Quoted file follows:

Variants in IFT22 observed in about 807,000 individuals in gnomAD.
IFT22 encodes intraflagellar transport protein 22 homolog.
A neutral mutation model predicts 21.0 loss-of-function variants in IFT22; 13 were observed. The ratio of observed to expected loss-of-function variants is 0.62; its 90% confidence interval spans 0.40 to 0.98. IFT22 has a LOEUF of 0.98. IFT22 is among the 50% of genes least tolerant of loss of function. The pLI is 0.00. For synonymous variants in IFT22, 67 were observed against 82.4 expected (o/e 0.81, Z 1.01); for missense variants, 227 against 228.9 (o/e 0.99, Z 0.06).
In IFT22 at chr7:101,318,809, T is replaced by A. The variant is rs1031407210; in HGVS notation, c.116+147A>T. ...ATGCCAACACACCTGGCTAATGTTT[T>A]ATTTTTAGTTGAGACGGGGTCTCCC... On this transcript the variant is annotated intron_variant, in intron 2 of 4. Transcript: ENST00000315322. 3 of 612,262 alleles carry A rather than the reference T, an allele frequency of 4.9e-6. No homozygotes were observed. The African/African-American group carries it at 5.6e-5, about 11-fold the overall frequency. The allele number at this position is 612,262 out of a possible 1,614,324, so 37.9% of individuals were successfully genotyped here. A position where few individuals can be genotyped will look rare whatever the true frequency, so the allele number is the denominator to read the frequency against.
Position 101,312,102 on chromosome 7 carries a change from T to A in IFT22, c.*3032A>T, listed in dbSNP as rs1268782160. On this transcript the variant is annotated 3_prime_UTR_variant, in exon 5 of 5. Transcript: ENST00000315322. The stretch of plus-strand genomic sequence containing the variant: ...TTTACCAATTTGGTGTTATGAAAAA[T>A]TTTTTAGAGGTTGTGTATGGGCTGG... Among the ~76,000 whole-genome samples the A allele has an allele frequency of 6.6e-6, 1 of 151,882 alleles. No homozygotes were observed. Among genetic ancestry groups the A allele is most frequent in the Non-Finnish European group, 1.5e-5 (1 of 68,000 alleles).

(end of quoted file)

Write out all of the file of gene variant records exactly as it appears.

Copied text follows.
Variants in IFT22 observed in about 807,000 individuals in gnomAD.
IFT22 encodes intraflagellar transport protein 22 homolog.
A neutral mutation model predicts 21.0 loss-of-function variants in IFT22; 13 were observed. The ratio of observed to expected loss-of-function variants is 0.62; its 90% confidence interval spans 0.40 to 0.98. IFT22 has a LOEUF of 0.98. IFT22 is among the 50% of genes least tolerant of loss of function. The pLI is 0.00. For synonymous variants in IFT22, 67 were observed against 82.4 expected (o/e 0.81, Z 1.01); for missense variants, 227 against 228.9 (o/e 0.99, Z 0.06).
In IFT22 at chr7:101,318,809, T is replaced by A. The variant is rs1031407210; in HGVS notation, c.116+147A>T. ...ATGCCAACACACCTGGCTAATGTTT[T>A]ATTTTTAGTTGAGACGGGGTCTCCC... On this transcript the variant is annotated intron_variant, in intron 2 of 4. Transcript: ENST00000315322. 3 of 612,262 alleles carry A rather than the reference T, an allele frequency of 4.9e-6. No homozygotes were observed. The African/African-American group carries it at 5.6e-5, about 11-fold the overall frequency. The allele number at this position is 612,262 out of a possible 1,614,324, so 37.9% of individuals were successfully genotyped here. A position where few individuals can be genotyped will look rare whatever the true frequency, so the allele number is the denominator to read the frequency against.
Position 101,312,102 on chromosome 7 carries a change from T to A in IFT22, c.*3032A>T, listed in dbSNP as rs1268782160. On this transcript the variant is annotated 3_prime_UTR_variant, in exon 5 of 5. Transcript: ENST00000315322. The stretch of plus-strand genomic sequence containing the variant: ...TTTACCAATTTGGTGTTATGAAAAA[T>A]TTTTTAGAGGTTGTGTATGGGCTGG... Among the ~76,000 whole-genome samples the A allele has an allele frequency of 6.6e-6, 1 of 151,882 alleles. No homozygotes were observed. Among genetic ancestry groups the A allele is most frequent in the Non-Finnish European group, 1.5e-5 (1 of 68,000 alleles).